Here’s a Good News Story…

..among all the doom and disaster we seem to have inflicted on our home planet.

Scientists have discovered microbes that can eat plastic at low temperatures. This could be a real breakthrough. Researchers had already identified micro-organisms that break down plastic at high temperatures but the cost of the process at an industrial scale would be both prohibitive and non carbon-neutral.

The newly discovered microbes, strains of bacteria and fungi from several genera, can do this at 15°C, making microbial recycling an affordable possibility. Scientists from the Swiss Federal Institute WSL tested the organisms on different plastics and found that, of those tested, only polyethylene (PE) was resistant, even after several months of incubation in ideal conditions. Polyethylene is used to make plastic containers, bottles, bags, plastic toys, and many other products.

Science is looking for solutions to our plastic problem but we are still using plastic products that evade their solutions. So…read packet instructions, question manufacturers, make a fuss and find out how the everyday stuff you buy is made and what it is made from.

Good hunting.

Header image: rubbish left by picnickers in the reserve

10 thoughts on “

Add yours

    1. Yes, that’s where I got most of my information. I probably should have referenced it – but a little local blog like this doesn’t usually end with a bibliography.

        1. A bibliography would be a good idea. I think everybody on the internet should show their sources. Too much disinformation out there.

          1. That’s true, too. However, if I put all of my sources, it will be a very long list. Blogging isn’t exactly academic writing as such. I guess that kind of takes the fun out of it a little. This is my opinion only, of course.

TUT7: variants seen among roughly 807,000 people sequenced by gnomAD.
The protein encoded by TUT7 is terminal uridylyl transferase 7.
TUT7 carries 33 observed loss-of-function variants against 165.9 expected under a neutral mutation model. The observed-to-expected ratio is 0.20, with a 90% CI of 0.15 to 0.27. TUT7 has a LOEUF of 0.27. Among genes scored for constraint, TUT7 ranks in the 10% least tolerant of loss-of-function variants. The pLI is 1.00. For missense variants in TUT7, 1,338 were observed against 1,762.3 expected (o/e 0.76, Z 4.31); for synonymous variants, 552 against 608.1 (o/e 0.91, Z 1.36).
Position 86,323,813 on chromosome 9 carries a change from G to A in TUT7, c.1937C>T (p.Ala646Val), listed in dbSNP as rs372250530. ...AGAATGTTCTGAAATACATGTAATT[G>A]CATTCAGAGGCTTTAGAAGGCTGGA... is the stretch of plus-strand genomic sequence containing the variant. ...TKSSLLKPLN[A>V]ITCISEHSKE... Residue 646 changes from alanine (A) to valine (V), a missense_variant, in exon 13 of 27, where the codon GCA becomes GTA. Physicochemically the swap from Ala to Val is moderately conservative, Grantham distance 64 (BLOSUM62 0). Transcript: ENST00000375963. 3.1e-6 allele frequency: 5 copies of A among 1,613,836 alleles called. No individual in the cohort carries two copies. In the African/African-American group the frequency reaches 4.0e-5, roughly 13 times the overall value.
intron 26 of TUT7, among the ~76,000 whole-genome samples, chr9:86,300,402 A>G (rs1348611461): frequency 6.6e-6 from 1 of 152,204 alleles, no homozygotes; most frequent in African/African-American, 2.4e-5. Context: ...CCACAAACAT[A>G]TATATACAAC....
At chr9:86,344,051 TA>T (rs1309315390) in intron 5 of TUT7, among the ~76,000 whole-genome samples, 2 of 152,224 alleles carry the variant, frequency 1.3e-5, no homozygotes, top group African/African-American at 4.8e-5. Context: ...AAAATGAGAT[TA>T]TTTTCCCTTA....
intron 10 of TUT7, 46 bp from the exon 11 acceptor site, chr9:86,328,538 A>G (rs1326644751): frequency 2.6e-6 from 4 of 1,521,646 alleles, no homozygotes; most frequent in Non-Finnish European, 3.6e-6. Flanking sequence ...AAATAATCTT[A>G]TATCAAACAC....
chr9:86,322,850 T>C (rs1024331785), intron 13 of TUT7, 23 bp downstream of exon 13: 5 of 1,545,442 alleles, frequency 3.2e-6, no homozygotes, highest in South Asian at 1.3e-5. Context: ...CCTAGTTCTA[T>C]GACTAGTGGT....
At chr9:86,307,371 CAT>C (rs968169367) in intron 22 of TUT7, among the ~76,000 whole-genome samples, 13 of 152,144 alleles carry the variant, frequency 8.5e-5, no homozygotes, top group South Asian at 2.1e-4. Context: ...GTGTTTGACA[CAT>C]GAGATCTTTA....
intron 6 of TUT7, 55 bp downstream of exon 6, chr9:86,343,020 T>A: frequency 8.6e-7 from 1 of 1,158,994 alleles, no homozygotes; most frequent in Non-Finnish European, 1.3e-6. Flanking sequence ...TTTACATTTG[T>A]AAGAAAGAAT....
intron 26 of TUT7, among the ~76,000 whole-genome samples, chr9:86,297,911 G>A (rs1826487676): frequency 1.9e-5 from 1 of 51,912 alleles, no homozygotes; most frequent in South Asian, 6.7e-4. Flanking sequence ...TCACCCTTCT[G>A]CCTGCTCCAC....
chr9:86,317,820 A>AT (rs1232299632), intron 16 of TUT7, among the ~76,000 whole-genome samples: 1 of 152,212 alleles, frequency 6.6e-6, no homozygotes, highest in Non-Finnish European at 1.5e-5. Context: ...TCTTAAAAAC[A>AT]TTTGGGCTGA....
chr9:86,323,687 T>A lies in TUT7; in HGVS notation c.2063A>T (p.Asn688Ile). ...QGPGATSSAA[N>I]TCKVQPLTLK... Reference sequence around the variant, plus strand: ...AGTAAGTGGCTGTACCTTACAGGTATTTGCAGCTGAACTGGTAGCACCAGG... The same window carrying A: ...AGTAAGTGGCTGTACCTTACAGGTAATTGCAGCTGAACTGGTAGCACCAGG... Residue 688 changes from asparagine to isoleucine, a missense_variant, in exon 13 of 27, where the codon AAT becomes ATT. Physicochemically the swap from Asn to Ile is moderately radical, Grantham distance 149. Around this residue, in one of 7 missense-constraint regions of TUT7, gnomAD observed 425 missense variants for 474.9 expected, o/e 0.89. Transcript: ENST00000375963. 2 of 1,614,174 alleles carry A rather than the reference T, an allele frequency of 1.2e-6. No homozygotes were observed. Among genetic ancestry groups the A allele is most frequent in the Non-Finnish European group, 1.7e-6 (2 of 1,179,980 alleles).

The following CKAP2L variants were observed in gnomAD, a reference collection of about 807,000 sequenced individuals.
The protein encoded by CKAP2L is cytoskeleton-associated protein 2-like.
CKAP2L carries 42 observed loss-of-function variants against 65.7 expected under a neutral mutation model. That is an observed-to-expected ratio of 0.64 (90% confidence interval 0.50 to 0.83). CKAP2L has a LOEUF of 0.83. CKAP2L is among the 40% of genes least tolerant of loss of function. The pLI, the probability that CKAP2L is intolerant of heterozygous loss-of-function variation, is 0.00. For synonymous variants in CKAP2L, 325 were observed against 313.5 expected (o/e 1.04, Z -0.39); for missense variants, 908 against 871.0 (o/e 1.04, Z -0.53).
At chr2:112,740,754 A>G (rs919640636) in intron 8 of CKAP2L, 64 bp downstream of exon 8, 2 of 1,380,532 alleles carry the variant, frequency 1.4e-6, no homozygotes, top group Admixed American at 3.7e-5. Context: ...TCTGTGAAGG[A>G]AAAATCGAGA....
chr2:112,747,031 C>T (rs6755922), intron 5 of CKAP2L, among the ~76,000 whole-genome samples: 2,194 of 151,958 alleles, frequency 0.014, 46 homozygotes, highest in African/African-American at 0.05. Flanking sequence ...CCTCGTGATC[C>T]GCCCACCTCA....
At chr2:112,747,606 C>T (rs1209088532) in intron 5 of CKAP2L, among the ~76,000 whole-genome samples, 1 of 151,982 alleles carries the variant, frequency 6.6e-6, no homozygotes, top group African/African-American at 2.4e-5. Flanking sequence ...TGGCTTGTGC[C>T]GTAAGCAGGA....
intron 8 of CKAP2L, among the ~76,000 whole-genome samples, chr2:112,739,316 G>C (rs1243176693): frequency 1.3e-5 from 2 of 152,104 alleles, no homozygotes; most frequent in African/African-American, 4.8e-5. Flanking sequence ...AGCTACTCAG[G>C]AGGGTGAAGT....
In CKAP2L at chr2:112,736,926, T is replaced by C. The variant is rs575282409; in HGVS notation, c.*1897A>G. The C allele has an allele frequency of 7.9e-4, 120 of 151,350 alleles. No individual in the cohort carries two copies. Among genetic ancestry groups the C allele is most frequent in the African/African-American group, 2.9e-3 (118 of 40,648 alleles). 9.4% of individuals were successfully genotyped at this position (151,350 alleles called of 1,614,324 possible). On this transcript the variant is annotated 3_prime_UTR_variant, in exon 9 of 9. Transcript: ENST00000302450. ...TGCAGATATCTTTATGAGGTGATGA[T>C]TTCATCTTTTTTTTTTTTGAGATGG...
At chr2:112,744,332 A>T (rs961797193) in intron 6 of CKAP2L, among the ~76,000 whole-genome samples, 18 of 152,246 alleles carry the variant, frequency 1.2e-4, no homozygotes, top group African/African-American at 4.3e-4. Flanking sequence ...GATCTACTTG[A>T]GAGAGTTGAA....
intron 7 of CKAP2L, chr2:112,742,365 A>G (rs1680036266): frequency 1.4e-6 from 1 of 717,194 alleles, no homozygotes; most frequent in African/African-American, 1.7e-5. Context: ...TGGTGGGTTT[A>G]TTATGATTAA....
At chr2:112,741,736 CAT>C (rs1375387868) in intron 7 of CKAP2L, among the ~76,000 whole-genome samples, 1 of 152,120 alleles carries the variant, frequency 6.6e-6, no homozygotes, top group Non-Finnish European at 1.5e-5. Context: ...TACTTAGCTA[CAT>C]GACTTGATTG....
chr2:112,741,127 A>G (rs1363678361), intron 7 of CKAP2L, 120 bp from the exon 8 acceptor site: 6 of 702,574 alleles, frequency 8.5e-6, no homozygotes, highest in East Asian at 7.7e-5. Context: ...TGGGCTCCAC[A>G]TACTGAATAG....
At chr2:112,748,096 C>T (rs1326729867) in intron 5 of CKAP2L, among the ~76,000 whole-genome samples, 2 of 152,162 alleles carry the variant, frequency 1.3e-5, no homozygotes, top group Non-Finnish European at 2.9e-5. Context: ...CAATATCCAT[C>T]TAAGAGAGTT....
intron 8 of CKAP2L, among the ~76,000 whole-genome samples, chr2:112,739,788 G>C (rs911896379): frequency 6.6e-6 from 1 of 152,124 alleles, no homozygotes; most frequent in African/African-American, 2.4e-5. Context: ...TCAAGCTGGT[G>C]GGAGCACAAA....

I did a report for my summative assessment, and I have 37 sources cited. Imagine if one blog has that many sources (I’m exaggerating, as you can probably tell). Also, I’m sure one is capable of confirming the information posted (or they should be). Confirm info if skeptical!

            As an example, one claimed a long time ago that the temperature reading in a tropical country went down to -3 degrees C. I was skeptical because I know how cold that is and people living in their huts with no heating will suffer from hypothermia. So I trawled the net for info and found that how the temp was measured was faulty.

            One can ask for the source from the author, I suppose 😁 For me, it is nice to take a break from reading stuff where every sentence has a superscript or parenthesis with name and date (then corresponding reference list at the end).

            It is good practice, yes, but if I were to read a blog where it is like a term paper, I might as well read the source(s) instead.

            I started web logging to enjoy it without making it too academic. I’ll reserve the academic style of writing for my modules ☺️

        1. No offence taken. I research EVERYTHING and like to think that my followers feel they can trust what they read here. But you’re probably right: a bibliography might be a step too far.

    2. Oh my, I didn’t realise that the link was posted there. Apologies. I was only meant to applaud as I liked what I was reading! This is rather embarrassing. I hope I didn’t offend anyone… 😳

Leave a Reply

Fill in your details below or click an icon to log in: Logo

You are commenting using your account. Log Out /  Change )

Facebook photo

You are commenting using your Facebook account. Log Out /  Change )

Connecting to %s

Create a website or blog at

Up ↑

%d bloggers like this: